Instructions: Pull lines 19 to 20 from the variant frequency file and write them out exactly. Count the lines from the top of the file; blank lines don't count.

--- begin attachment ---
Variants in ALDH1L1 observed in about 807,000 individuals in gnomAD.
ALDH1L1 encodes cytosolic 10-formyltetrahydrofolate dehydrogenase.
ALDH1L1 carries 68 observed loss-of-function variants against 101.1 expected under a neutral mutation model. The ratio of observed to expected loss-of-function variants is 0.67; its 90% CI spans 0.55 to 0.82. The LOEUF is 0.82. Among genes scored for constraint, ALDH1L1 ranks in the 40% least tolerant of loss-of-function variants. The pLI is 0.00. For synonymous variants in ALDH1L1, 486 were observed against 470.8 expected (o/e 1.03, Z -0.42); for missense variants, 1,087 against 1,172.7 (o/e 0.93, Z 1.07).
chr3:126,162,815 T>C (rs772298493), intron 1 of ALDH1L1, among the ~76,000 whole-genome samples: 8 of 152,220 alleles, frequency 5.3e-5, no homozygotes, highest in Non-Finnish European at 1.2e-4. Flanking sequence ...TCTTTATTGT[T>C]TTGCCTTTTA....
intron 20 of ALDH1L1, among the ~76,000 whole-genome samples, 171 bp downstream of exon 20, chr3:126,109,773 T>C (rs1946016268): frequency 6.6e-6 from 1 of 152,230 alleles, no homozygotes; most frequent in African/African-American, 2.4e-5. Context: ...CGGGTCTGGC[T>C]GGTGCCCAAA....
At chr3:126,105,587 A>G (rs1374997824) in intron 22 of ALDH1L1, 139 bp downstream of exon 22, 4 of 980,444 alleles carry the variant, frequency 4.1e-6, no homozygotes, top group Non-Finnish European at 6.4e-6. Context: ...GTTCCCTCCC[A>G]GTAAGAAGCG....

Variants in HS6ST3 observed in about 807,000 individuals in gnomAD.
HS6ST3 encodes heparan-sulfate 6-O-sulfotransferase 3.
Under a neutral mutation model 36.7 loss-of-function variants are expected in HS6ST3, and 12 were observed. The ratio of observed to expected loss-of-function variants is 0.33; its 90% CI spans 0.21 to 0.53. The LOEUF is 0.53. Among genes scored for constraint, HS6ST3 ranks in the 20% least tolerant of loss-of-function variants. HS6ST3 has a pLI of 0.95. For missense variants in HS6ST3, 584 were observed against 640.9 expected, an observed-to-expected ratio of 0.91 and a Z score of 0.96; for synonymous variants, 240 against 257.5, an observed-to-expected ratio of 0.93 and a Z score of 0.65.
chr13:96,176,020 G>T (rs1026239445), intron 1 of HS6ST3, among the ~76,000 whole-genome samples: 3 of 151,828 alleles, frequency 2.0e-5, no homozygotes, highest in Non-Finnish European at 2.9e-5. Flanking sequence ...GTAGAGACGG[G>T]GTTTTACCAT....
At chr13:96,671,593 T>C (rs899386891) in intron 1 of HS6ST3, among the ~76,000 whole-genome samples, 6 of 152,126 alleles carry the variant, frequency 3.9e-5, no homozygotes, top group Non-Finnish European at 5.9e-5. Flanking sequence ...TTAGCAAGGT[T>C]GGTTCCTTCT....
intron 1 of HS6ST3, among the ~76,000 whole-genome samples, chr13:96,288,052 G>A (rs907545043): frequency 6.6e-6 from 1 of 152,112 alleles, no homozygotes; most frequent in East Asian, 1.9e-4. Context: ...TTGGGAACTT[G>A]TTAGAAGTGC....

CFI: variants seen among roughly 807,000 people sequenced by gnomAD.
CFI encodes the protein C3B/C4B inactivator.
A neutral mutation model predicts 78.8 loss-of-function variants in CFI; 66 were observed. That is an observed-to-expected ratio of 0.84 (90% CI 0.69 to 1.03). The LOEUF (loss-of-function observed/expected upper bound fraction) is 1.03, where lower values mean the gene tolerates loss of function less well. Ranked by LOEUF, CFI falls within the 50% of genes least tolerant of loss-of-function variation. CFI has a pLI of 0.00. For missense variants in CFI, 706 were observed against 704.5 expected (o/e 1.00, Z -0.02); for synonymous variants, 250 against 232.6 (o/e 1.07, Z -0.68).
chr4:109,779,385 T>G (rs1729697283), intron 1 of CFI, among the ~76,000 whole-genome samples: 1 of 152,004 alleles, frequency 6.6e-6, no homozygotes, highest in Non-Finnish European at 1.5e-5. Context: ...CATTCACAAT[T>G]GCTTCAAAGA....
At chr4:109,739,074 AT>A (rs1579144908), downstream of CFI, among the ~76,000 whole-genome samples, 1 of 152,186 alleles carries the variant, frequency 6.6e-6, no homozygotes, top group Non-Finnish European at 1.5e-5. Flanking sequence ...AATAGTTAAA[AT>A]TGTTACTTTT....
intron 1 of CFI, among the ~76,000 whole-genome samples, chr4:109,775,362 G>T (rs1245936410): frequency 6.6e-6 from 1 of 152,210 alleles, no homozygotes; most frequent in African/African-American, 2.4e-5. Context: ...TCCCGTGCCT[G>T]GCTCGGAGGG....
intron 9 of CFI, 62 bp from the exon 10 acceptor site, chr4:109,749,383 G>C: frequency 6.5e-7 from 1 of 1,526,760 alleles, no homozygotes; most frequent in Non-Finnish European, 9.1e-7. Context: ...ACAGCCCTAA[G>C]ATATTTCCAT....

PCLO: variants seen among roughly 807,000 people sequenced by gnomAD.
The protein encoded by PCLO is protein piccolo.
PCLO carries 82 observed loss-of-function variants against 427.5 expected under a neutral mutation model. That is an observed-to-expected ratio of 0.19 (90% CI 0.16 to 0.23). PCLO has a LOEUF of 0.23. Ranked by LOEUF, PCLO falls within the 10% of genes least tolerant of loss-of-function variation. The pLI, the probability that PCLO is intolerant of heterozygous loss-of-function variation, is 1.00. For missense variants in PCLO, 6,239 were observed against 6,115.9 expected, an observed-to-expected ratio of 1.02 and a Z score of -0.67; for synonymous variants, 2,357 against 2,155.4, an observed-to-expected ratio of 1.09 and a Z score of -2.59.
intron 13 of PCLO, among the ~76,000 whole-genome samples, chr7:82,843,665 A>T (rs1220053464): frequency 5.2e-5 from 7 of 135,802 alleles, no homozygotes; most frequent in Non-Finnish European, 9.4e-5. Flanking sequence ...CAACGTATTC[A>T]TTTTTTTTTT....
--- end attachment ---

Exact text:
intron 9 of CFI, 62 bp from the exon 10 acceptor site, chr4:109,749,383 G>C: frequency 6.5e-7 from 1 of 1,526,760 alleles, no homozygotes; most frequent in Non-Finnish European, 9.1e-7. Context: ...ACAGCCCTAA[G>C]ATATTTCCAT....

PCLO: variants seen among roughly 807,000 people sequenced by gnomAD.